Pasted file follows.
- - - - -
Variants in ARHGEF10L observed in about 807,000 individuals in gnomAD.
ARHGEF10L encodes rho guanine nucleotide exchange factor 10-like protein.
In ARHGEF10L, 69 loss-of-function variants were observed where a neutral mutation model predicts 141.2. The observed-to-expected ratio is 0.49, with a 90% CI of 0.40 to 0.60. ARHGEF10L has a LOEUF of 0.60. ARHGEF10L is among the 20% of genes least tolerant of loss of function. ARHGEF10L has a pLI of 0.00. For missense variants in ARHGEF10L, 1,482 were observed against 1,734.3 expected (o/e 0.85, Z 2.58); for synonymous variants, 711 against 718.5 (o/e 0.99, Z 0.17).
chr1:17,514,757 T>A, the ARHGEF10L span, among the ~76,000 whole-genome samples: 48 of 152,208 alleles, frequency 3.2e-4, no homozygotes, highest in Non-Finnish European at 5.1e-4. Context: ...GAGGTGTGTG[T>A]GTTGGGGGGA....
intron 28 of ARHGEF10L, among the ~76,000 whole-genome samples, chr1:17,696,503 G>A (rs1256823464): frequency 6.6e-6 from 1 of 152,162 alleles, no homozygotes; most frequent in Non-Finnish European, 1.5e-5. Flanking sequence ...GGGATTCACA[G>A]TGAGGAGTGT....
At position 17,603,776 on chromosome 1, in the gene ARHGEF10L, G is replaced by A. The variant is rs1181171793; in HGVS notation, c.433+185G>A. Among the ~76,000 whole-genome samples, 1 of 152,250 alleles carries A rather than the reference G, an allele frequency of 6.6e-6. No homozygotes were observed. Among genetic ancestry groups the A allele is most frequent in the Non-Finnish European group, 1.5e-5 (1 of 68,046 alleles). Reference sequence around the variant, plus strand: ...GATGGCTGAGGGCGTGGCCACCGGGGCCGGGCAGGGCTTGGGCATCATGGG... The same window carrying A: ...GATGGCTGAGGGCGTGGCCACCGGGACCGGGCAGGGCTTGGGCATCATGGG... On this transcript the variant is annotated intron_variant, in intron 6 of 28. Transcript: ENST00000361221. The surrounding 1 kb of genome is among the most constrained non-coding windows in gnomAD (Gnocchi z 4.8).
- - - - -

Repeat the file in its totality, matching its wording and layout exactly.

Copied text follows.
Variants in ARHGEF10L observed in about 807,000 individuals in gnomAD.
ARHGEF10L encodes rho guanine nucleotide exchange factor 10-like protein.
In ARHGEF10L, 69 loss-of-function variants were observed where a neutral mutation model predicts 141.2. The observed-to-expected ratio is 0.49, with a 90% CI of 0.40 to 0.60. ARHGEF10L has a LOEUF of 0.60. ARHGEF10L is among the 20% of genes least tolerant of loss of function. ARHGEF10L has a pLI of 0.00. For missense variants in ARHGEF10L, 1,482 were observed against 1,734.3 expected (o/e 0.85, Z 2.58); for synonymous variants, 711 against 718.5 (o/e 0.99, Z 0.17).
chr1:17,514,757 T>A, the ARHGEF10L span, among the ~76,000 whole-genome samples: 48 of 152,208 alleles, frequency 3.2e-4, no homozygotes, highest in Non-Finnish European at 5.1e-4. Context: ...GAGGTGTGTG[T>A]GTTGGGGGGA....
intron 28 of ARHGEF10L, among the ~76,000 whole-genome samples, chr1:17,696,503 G>A (rs1256823464): frequency 6.6e-6 from 1 of 152,162 alleles, no homozygotes; most frequent in Non-Finnish European, 1.5e-5. Flanking sequence ...GGGATTCACA[G>A]TGAGGAGTGT....
At position 17,603,776 on chromosome 1, in the gene ARHGEF10L, G is replaced by A. The variant is rs1181171793; in HGVS notation, c.433+185G>A. Among the ~76,000 whole-genome samples, 1 of 152,250 alleles carries A rather than the reference G, an allele frequency of 6.6e-6. No homozygotes were observed. Among genetic ancestry groups the A allele is most frequent in the Non-Finnish European group, 1.5e-5 (1 of 68,046 alleles). Reference sequence around the variant, plus strand: ...GATGGCTGAGGGCGTGGCCACCGGGGCCGGGCAGGGCTTGGGCATCATGGG... The same window carrying A: ...GATGGCTGAGGGCGTGGCCACCGGGACCGGGCAGGGCTTGGGCATCATGGG... On this transcript the variant is annotated intron_variant, in intron 6 of 28. Transcript: ENST00000361221. The surrounding 1 kb of genome is among the most constrained non-coding windows in gnomAD (Gnocchi z 4.8).